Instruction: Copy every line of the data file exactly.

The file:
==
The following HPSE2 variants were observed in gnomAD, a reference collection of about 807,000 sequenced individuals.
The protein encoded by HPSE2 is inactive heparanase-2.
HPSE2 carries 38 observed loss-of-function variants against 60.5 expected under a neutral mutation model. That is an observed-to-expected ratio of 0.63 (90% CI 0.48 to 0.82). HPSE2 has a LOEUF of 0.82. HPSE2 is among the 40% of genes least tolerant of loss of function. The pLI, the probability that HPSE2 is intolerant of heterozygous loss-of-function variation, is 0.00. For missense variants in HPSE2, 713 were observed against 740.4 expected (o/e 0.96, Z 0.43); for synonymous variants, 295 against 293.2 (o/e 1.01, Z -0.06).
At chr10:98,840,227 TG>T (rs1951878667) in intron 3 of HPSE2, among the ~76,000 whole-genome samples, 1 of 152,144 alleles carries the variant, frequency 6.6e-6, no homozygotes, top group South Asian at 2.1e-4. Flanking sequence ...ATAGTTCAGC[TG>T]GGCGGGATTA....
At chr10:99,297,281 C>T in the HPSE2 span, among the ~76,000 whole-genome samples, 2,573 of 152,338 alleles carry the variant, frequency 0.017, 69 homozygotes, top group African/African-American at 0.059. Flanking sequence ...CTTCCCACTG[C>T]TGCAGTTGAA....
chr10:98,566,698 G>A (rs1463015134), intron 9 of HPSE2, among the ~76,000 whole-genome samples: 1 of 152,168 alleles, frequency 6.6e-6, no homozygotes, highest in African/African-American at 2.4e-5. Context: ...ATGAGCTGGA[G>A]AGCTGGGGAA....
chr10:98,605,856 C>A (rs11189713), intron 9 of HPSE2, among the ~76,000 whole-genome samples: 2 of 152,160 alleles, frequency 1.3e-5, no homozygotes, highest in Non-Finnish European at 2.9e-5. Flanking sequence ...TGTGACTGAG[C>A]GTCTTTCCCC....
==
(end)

The following HPSE2 variants were observed in gnomAD, a reference collection of about 807,000 sequenced individuals.
The protein encoded by HPSE2 is inactive heparanase-2.
HPSE2 carries 38 observed loss-of-function variants against 60.5 expected under a neutral mutation model. That is an observed-to-expected ratio of 0.63 (90% CI 0.48 to 0.82). HPSE2 has a LOEUF of 0.82. HPSE2 is among the 40% of genes least tolerant of loss of function. The pLI, the probability that HPSE2 is intolerant of heterozygous loss-of-function variation, is 0.00. For missense variants in HPSE2, 713 were observed against 740.4 expected (o/e 0.96, Z 0.43); for synonymous variants, 295 against 293.2 (o/e 1.01, Z -0.06).
At chr10:98,840,227 TG>T (rs1951878667) in intron 3 of HPSE2, among the ~76,000 whole-genome samples, 1 of 152,144 alleles carries the variant, frequency 6.6e-6, no homozygotes, top group South Asian at 2.1e-4. Flanking sequence ...ATAGTTCAGC[TG>T]GGCGGGATTA....
At chr10:99,297,281 C>T in the HPSE2 span, among the ~76,000 whole-genome samples, 2,573 of 152,338 alleles carry the variant, frequency 0.017, 69 homozygotes, top group African/African-American at 0.059. Flanking sequence ...CTTCCCACTG[C>T]TGCAGTTGAA....
chr10:98,566,698 G>A (rs1463015134), intron 9 of HPSE2, among the ~76,000 whole-genome samples: 1 of 152,168 alleles, frequency 6.6e-6, no homozygotes, highest in African/African-American at 2.4e-5. Context: ...ATGAGCTGGA[G>A]AGCTGGGGAA....
chr10:98,605,856 C>A (rs11189713), intron 9 of HPSE2, among the ~76,000 whole-genome samples: 2 of 152,160 alleles, frequency 1.3e-5, no homozygotes, highest in Non-Finnish European at 2.9e-5. Flanking sequence ...TGTGACTGAG[C>A]GTCTTTCCCC....